Junonia by K. Henkes
Henkes, Kevin. Junonia. New York: Greenwillow Books, 2011. Print.
Henkes’ carefully considered novel for young adults, Junonia, showcases his ability to convey depth of emotion very clearly and intuitively. Going against the truism that children’s book illustrations have to represent the characters, the beautiful and restrained illustrations evoke the archetypal woodcut illustrations of vintage children’s books without descending into nostalgic kitsch. Both word and illustration contribute to Henkes’ candid and clear-eyed depictions of the natural world and the exterior manifestations of the characters’ inner lives.
The story unfolds as Alice Rice returns with her parents to Sanibel Island in Florida for their annual winter holiday and to celebrate her tenth birthday. Henkes has a deft narrative grasp of the unknowability of the individual, both to themselves and others; an aspect of the human condition that young people experience particularly acutely. In Henkes’ books for younger readers, there are gentle and empathetic adults present to help children negotiate the complexity of the world and their own feelings. However, Junonia is for older children and its protagonist is beginning the process of learning to navigate and master her own feelings and expectations. While supportive adults are present, they can only offer Alice a limited degree of benevolent protection from the realities of the passage of time and the vagaries of human emotions.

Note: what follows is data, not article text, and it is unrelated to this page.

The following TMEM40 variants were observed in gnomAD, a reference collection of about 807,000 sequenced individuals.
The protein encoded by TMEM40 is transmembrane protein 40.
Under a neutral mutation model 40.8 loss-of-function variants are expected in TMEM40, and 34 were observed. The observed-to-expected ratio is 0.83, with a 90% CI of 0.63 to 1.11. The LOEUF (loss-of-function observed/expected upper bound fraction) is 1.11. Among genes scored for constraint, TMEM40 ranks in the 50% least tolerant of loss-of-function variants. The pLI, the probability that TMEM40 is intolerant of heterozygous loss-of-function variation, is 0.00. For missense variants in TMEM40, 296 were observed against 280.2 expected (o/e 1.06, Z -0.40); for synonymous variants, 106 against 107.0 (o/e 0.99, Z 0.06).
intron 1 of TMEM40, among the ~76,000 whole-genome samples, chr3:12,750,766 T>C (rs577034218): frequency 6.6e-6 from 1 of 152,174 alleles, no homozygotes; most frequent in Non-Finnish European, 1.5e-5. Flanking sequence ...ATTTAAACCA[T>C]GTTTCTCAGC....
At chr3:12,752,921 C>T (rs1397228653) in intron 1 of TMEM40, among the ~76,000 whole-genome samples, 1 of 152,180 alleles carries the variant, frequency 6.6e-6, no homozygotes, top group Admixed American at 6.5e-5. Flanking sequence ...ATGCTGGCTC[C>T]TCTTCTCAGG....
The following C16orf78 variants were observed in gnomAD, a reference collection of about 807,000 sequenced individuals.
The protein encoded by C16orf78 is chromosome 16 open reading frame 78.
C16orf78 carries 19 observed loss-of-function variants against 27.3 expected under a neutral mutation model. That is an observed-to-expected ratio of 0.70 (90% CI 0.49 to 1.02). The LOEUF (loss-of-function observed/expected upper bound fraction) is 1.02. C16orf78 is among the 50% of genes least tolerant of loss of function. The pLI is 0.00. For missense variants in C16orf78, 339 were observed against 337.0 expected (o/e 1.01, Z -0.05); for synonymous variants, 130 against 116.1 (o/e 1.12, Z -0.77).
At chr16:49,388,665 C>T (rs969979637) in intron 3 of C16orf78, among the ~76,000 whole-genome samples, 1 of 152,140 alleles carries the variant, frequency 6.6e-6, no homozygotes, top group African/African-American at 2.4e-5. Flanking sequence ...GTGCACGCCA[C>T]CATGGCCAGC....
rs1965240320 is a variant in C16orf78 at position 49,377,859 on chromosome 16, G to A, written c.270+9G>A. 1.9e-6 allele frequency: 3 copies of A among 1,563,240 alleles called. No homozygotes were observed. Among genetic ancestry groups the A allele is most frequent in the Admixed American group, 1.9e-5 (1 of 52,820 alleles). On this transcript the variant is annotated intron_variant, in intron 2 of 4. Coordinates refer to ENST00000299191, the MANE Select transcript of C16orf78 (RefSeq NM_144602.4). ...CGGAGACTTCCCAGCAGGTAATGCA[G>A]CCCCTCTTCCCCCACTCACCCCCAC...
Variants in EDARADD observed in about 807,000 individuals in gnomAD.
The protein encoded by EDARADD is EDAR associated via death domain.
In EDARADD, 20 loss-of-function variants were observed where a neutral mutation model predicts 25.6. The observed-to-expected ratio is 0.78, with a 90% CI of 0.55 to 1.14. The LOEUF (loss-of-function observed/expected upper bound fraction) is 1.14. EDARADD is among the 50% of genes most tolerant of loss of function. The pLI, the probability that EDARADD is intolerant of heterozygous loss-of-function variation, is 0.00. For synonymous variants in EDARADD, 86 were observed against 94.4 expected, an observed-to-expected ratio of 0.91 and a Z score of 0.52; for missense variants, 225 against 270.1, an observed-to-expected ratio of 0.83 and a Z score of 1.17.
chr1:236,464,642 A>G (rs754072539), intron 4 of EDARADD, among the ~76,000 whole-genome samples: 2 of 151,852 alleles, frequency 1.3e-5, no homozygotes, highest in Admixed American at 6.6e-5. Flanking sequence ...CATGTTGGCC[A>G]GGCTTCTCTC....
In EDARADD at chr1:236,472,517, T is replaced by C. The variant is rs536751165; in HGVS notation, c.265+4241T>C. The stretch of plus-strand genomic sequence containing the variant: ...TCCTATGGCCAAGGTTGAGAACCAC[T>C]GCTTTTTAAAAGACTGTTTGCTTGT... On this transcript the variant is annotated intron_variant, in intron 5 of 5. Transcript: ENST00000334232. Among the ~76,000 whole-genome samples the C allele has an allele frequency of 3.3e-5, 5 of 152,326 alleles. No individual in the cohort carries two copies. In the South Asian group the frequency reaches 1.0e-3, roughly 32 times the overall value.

While the subject of the book is transition to, and reconciliation with, a more adult-level of self-awareness, the book never seems maudlin and retains a very lucid and almost austere tone. Junonia is an immersive and lovely introduction to literature created with the intent to closely follow the interior monologues of its characters. One could imagine moving on to Mrs Dalloway rather effortlessly.
Highly recommended: 4 out of 4 stars
Reviewer: Matilda Roche